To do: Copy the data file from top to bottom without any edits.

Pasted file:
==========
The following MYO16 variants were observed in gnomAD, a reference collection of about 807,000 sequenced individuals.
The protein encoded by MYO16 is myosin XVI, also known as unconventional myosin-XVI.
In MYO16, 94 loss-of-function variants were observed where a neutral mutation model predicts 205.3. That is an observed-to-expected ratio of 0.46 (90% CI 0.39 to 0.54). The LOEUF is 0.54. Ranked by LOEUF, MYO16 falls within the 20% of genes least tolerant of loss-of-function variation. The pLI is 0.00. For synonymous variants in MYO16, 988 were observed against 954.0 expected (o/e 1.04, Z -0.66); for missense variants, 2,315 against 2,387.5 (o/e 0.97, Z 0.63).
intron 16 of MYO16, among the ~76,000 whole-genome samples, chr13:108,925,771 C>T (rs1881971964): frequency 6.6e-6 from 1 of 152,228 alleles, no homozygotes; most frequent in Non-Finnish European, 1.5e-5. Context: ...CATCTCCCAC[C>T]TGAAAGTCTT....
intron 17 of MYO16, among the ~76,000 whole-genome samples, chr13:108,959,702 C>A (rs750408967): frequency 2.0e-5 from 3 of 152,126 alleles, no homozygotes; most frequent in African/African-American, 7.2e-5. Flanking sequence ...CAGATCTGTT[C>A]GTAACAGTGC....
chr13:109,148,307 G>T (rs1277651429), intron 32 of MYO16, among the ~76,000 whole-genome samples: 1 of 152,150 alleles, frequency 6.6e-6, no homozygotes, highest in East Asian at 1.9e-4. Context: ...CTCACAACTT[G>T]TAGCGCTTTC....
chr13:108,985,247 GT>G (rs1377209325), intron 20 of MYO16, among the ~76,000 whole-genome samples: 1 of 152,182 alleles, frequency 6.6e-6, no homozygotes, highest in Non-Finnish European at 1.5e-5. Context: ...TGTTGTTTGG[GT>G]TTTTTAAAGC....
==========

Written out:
The following MYO16 variants were observed in gnomAD, a reference collection of about 807,000 sequenced individuals.
The protein encoded by MYO16 is myosin XVI, also known as unconventional myosin-XVI.
In MYO16, 94 loss-of-function variants were observed where a neutral mutation model predicts 205.3. That is an observed-to-expected ratio of 0.46 (90% CI 0.39 to 0.54). The LOEUF is 0.54. Ranked by LOEUF, MYO16 falls within the 20% of genes least tolerant of loss-of-function variation. The pLI is 0.00. For synonymous variants in MYO16, 988 were observed against 954.0 expected (o/e 1.04, Z -0.66); for missense variants, 2,315 against 2,387.5 (o/e 0.97, Z 0.63).
intron 16 of MYO16, among the ~76,000 whole-genome samples, chr13:108,925,771 C>T (rs1881971964): frequency 6.6e-6 from 1 of 152,228 alleles, no homozygotes; most frequent in Non-Finnish European, 1.5e-5. Context: ...CATCTCCCAC[C>T]TGAAAGTCTT....
intron 17 of MYO16, among the ~76,000 whole-genome samples, chr13:108,959,702 C>A (rs750408967): frequency 2.0e-5 from 3 of 152,126 alleles, no homozygotes; most frequent in African/African-American, 7.2e-5. Flanking sequence ...CAGATCTGTT[C>A]GTAACAGTGC....
chr13:109,148,307 G>T (rs1277651429), intron 32 of MYO16, among the ~76,000 whole-genome samples: 1 of 152,150 alleles, frequency 6.6e-6, no homozygotes, highest in East Asian at 1.9e-4. Context: ...CTCACAACTT[G>T]TAGCGCTTTC....
chr13:108,985,247 GT>G (rs1377209325), intron 20 of MYO16, among the ~76,000 whole-genome samples: 1 of 152,182 alleles, frequency 6.6e-6, no homozygotes, highest in Non-Finnish European at 1.5e-5. Context: ...TGTTGTTTGG[GT>G]TTTTTAAAGC....